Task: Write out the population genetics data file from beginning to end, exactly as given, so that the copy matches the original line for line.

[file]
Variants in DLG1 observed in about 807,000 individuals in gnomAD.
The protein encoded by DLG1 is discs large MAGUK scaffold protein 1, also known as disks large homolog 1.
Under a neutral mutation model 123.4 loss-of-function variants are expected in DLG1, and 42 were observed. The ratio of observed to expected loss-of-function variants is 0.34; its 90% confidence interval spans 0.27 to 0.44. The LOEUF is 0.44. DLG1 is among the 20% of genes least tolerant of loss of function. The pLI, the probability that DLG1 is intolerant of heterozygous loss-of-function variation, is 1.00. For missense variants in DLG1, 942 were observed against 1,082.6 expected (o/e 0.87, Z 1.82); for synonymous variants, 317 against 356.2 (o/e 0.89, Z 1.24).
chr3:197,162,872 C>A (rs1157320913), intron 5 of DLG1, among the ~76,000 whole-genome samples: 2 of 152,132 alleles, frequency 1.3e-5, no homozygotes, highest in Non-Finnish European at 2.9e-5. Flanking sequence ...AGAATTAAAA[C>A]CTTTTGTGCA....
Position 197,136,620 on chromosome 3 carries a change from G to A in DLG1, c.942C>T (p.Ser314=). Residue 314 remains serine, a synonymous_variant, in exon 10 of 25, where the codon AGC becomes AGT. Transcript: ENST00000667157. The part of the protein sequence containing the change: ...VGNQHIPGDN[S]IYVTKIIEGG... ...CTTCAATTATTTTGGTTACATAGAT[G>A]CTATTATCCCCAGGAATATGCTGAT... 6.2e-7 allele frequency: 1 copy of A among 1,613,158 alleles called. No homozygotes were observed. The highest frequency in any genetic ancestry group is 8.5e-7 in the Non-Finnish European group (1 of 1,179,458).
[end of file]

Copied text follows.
Variants in DLG1 observed in about 807,000 individuals in gnomAD.
The protein encoded by DLG1 is discs large MAGUK scaffold protein 1, also known as disks large homolog 1.
Under a neutral mutation model 123.4 loss-of-function variants are expected in DLG1, and 42 were observed. The ratio of observed to expected loss-of-function variants is 0.34; its 90% confidence interval spans 0.27 to 0.44. The LOEUF is 0.44. DLG1 is among the 20% of genes least tolerant of loss of function. The pLI, the probability that DLG1 is intolerant of heterozygous loss-of-function variation, is 1.00. For missense variants in DLG1, 942 were observed against 1,082.6 expected (o/e 0.87, Z 1.82); for synonymous variants, 317 against 356.2 (o/e 0.89, Z 1.24).
chr3:197,162,872 C>A (rs1157320913), intron 5 of DLG1, among the ~76,000 whole-genome samples: 2 of 152,132 alleles, frequency 1.3e-5, no homozygotes, highest in Non-Finnish European at 2.9e-5. Flanking sequence ...AGAATTAAAA[C>A]CTTTTGTGCA....
Position 197,136,620 on chromosome 3 carries a change from G to A in DLG1, c.942C>T (p.Ser314=). Residue 314 remains serine, a synonymous_variant, in exon 10 of 25, where the codon AGC becomes AGT. Transcript: ENST00000667157. The part of the protein sequence containing the change: ...VGNQHIPGDN[S]IYVTKIIEGG... ...CTTCAATTATTTTGGTTACATAGAT[G>A]CTATTATCCCCAGGAATATGCTGAT... 6.2e-7 allele frequency: 1 copy of A among 1,613,158 alleles called. No homozygotes were observed. The highest frequency in any genetic ancestry group is 8.5e-7 in the Non-Finnish European group (1 of 1,179,458).